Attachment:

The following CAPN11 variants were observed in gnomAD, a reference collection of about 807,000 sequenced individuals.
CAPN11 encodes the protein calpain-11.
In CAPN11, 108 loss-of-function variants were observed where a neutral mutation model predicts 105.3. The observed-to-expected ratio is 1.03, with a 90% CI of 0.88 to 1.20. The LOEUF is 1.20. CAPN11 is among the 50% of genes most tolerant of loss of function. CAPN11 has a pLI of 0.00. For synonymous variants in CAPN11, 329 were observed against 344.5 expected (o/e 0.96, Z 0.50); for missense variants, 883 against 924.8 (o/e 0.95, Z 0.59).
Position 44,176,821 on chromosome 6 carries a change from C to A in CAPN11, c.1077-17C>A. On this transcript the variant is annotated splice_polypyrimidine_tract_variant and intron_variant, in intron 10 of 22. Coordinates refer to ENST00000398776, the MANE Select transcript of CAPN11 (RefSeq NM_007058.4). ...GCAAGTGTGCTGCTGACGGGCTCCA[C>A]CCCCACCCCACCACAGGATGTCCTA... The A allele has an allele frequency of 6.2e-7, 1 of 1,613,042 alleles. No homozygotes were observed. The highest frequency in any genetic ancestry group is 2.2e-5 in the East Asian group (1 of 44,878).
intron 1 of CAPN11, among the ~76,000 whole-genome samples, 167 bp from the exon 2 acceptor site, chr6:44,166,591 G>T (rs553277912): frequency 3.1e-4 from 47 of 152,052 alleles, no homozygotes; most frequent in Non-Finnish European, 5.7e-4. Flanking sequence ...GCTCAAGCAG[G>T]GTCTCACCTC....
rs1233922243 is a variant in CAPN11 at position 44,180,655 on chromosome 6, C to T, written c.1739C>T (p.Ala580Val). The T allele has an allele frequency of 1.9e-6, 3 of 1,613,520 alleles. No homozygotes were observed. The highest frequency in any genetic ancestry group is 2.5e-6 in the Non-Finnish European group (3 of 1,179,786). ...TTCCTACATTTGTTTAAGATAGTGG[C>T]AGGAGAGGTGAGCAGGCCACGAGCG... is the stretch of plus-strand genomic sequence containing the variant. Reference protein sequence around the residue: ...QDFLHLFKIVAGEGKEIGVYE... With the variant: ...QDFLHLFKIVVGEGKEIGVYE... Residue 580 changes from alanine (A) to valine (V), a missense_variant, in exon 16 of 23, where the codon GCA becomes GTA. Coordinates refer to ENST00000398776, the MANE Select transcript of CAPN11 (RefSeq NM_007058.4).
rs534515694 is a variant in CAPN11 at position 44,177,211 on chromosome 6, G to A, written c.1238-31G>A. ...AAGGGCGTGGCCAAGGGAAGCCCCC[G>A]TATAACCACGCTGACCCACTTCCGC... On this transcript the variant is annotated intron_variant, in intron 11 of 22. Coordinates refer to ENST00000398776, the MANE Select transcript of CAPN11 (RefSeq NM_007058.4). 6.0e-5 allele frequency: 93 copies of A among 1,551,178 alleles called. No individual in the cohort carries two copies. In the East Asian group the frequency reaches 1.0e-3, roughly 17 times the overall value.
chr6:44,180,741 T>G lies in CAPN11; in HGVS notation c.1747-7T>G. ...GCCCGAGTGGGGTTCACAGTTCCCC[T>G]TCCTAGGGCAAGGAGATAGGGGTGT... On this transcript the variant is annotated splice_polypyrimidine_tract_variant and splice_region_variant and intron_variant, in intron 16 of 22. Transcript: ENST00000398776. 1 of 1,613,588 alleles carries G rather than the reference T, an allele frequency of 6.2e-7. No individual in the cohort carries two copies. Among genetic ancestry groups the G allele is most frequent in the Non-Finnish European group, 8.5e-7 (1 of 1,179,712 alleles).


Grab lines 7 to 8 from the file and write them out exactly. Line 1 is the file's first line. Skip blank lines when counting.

rs534515694 is a variant in CAPN11 at position 44,177,211 on chromosome 6, G to A, written c.1238-31G>A. ...AAGGGCGTGGCCAAGGGAAGCCCCC[G>A]TATAACCACGCTGACCCACTTCCGC... On this transcript the variant is annotated intron_variant, in intron 11 of 22. Coordinates refer to ENST00000398776, the MANE Select transcript of CAPN11 (RefSeq NM_007058.4). 6.0e-5 allele frequency: 93 copies of A among 1,551,178 alleles called. No individual in the cohort carries two copies. In the East Asian group the frequency reaches 1.0e-3, roughly 17 times the overall value.
chr6:44,180,741 T>G lies in CAPN11; in HGVS notation c.1747-7T>G. ...GCCCGAGTGGGGTTCACAGTTCCCC[T>G]TCCTAGGGCAAGGAGATAGGGGTGT... On this transcript the variant is annotated splice_polypyrimidine_tract_variant and splice_region_variant and intron_variant, in intron 16 of 22. Transcript: ENST00000398776. 1 of 1,613,588 alleles carries G rather than the reference T, an allele frequency of 6.2e-7. No individual in the cohort carries two copies. Among genetic ancestry groups the G allele is most frequent in the Non-Finnish European group, 8.5e-7 (1 of 1,179,712 alleles).